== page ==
| are “orphans” to which no other sites link. Its Web server survey
    | ^^^^^^^^^^^^^^^^^^^^^^^^^^^^^^^^^^^^^^
    | therefore counts only those servers referenced on other sites.

  3. @Roy: As I wrote in the last paragraph: this post is about the trend, not about the absolute numbers. Of course I know that Apache still has the majority share, but the trend is running against Apache – and to keep the majority share the Apache community should react now, because now it is not too late.

    The second link is indeed very interesting, but that was clear because of the GoDaddy-effect. Nevertheless, I might include that into another post about the topic.
    On the other hand, other sources show that most big companies prefer IIS, and not Apache, which is also an alarming sign I think.

  4. I’ve been using Apache since about when it came out in the mid-90s. Have also used IIS in the past (yes, when it was crappy). Do NOT underestimate the wonder that is Apache. Firstly, a LOT of Apache+somethings compare to IIS+.NET. How about the LAMP stack, people?

    Apache is practically brain-dead to configure. Ok, there’s not generally a GUI, but Hello, in most Linux distros you install it (read: “yum install httpd”), and then start it, you guessed it, it runs and serves pages!

    Apache is the market leader for a reason. It works great, is easy to configure, and can compete with anything, even though it gets challenging when the competitors are throwing hooks into their kernel to give their software a speed boost.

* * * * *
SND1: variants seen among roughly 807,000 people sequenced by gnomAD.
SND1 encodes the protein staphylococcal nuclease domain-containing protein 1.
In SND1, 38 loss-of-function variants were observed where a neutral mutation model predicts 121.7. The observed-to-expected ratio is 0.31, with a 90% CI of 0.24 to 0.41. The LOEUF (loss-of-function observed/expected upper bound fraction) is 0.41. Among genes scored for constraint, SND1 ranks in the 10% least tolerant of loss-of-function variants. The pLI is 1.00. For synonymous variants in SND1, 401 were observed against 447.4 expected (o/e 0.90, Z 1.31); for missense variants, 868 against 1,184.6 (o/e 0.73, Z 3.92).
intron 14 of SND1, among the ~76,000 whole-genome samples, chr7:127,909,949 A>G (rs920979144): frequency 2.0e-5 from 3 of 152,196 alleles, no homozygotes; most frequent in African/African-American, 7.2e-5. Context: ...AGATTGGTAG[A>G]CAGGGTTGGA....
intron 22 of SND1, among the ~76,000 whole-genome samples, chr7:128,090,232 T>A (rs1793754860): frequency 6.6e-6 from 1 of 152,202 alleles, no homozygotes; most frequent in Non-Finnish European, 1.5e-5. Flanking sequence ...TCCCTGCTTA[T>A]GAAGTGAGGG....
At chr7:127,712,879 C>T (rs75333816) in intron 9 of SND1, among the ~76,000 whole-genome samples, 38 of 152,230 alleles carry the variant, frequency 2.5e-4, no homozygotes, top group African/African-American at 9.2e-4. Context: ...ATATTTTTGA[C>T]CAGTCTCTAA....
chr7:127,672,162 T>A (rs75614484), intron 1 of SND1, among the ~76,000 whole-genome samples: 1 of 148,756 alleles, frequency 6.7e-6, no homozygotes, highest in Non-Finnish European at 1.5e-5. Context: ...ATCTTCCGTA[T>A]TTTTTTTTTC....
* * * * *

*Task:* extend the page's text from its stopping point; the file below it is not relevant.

5. liquidat, I have some more links which indicate that Apache is/was gaining. Some figures tend to be louder than others. Just remember that PR lies. Apache hasn’t PR. It’s a missing ‘feature’.

  6. @Roy: Sure, PR is one thing – but I think that Netcraft is quite blind to such things because they do real statistics and test the servers. And Netcraft isn’t a especially MS friendly company (for example, they run on Apache/FreeBSD). Also, keep in mind: I’m talking about the market share (%) – of course, in real numbers Apache gains like hell! But IIS gains even faster.

    Also: whether Apache looses or not atm., the features IIS has these days or will get with the future releases should really set the Apache developers on fire – Apache should not rest on everything they earned to lose it all when the competition closes in!

  7. I’m impressed with your summary of the debate in this post, liquidat. Thanks for starting the discussion, and for moderating the passion from both sides.

  8. I think you’ve summarised the main strong points of IIS over apache very well. I can now understand why people prefer IIS. But in the past, I’ve always been very surprised with people using this crappy unsupported “service”. So 56% isn’t surprising me now, but _only_ 75% in the past is.

  9. Competition is good!

    But let’s hope Apache developers will react soon and the trend gets reversed.

    Why? Otherwise M$ will dominate both the HTTP clients market AND HTTP servers market. Then they’ll get tempted to create their old dreamed Microsoft Network on top of the “embraced and extended” new MS-HTTP protocol, a replacement of today’s standard HTTP.

  10. Google’s GFE is a modified version of Apache, that due to it’s market share now appears on its own in Netcraft surveys. If we sum GFE with Apache proper, we see that Apache hasn’t been loosing market share after all. And there’s other examples, albeit almost irrelevant: IBM’s HTTP Server also appears on its own in the survey, and it too is just a modified Apache (IBM just replaces OpenSSL with their own GSkit).

  11. Carlos, while the Google-server effect shows itself in the statistics in the month were it was introduced as its own server it has little to do with the shrinking going on with Netcraft for almost a year.